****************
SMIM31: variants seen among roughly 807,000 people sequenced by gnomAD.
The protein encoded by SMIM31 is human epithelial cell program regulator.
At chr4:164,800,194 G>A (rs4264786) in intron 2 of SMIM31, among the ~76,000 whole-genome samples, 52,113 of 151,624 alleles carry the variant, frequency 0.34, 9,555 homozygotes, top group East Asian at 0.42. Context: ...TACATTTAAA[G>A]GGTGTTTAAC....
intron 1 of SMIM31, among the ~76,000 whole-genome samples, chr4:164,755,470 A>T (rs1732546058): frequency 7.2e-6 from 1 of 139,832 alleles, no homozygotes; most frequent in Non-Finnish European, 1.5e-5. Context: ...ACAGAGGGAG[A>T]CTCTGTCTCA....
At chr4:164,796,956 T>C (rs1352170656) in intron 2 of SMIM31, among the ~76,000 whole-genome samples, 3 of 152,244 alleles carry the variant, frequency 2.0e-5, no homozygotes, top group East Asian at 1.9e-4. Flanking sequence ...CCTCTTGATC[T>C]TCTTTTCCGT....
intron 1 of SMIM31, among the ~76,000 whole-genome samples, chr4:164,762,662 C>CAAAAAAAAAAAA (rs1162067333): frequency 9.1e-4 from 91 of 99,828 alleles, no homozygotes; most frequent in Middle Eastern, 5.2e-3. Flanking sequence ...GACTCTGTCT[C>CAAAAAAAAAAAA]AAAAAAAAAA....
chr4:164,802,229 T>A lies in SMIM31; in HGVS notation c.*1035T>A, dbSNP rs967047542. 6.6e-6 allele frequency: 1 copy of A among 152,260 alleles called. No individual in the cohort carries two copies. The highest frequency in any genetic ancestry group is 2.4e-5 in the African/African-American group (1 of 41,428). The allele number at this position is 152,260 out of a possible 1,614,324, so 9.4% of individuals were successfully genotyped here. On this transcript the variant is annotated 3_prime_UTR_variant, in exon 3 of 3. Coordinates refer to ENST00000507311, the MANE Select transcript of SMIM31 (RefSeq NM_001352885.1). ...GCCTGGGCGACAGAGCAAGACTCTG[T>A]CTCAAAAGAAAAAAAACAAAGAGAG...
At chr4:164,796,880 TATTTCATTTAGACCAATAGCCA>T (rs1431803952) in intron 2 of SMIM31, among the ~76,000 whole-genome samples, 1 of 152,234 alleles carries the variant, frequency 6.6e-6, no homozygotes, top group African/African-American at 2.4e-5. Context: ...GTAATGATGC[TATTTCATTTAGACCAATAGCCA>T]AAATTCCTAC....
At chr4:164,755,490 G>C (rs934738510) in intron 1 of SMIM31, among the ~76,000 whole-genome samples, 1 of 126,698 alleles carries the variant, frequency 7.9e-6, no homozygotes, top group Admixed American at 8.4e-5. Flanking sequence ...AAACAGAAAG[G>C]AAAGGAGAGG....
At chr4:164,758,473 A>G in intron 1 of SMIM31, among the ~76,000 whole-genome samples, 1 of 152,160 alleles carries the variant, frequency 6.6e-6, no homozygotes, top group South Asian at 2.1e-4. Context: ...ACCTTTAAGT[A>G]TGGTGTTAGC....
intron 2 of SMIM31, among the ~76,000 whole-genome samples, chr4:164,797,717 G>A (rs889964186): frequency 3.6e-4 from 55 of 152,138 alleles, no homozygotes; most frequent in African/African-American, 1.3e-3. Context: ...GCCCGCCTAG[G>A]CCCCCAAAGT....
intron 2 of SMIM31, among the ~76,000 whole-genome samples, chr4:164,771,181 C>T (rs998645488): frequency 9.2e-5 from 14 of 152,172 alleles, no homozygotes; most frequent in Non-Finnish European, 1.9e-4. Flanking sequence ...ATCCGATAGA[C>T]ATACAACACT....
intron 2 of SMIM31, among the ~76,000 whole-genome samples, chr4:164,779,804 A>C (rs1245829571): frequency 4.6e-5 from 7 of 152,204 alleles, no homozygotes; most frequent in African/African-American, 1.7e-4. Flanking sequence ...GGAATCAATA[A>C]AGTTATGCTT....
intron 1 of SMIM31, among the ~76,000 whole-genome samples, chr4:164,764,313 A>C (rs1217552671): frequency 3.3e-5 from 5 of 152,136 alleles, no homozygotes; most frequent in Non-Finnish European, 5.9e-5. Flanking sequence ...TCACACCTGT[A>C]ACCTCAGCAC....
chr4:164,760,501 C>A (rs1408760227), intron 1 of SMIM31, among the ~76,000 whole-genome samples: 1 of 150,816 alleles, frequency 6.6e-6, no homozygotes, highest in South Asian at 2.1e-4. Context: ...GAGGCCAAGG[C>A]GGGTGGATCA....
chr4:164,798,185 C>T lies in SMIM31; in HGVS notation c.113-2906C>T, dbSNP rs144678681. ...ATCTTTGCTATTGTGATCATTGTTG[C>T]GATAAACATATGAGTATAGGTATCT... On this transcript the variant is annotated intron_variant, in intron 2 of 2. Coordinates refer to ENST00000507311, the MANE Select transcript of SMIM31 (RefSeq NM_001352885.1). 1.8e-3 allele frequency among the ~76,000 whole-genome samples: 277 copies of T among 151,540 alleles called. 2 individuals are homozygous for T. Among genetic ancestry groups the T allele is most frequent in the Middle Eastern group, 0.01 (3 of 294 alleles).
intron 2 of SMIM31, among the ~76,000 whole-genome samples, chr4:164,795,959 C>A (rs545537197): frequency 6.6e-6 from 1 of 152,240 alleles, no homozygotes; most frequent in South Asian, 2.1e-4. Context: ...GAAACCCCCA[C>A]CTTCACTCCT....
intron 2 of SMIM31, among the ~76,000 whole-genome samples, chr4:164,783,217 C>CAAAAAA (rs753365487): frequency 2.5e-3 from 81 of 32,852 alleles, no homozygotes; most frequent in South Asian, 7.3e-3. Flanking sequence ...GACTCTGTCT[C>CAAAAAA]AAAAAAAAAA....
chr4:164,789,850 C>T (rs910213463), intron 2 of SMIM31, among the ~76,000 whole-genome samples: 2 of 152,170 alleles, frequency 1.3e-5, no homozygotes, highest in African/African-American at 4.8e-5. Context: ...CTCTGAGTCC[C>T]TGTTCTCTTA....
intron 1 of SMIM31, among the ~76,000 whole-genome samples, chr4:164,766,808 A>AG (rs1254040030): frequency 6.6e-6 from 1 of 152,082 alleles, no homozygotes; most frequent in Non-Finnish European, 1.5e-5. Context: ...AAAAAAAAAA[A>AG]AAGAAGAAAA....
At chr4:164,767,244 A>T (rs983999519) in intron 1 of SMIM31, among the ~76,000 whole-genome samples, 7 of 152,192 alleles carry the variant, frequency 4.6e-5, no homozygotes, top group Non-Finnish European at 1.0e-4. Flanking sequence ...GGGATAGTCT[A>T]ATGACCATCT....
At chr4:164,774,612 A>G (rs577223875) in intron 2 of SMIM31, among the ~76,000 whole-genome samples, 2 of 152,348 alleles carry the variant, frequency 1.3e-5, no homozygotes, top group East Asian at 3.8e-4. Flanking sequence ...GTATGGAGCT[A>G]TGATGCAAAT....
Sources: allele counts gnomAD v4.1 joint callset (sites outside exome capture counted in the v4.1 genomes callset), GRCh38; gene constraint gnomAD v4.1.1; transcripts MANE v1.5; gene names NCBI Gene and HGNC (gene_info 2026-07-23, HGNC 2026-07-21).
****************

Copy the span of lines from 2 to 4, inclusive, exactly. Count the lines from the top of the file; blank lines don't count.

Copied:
The protein encoded by SMIM31 is human epithelial cell program regulator.
At chr4:164,800,194 G>A (rs4264786) in intron 2 of SMIM31, among the ~76,000 whole-genome samples, 52,113 of 151,624 alleles carry the variant, frequency 0.34, 9,555 homozygotes, top group East Asian at 0.42. Context: ...TACATTTAAA[G>A]GGTGTTTAAC....
intron 1 of SMIM31, among the ~76,000 whole-genome samples, chr4:164,755,470 A>T (rs1732546058): frequency 7.2e-6 from 1 of 139,832 alleles, no homozygotes; most frequent in Non-Finnish European, 1.5e-5. Context: ...ACAGAGGGAG[A>T]CTCTGTCTCA....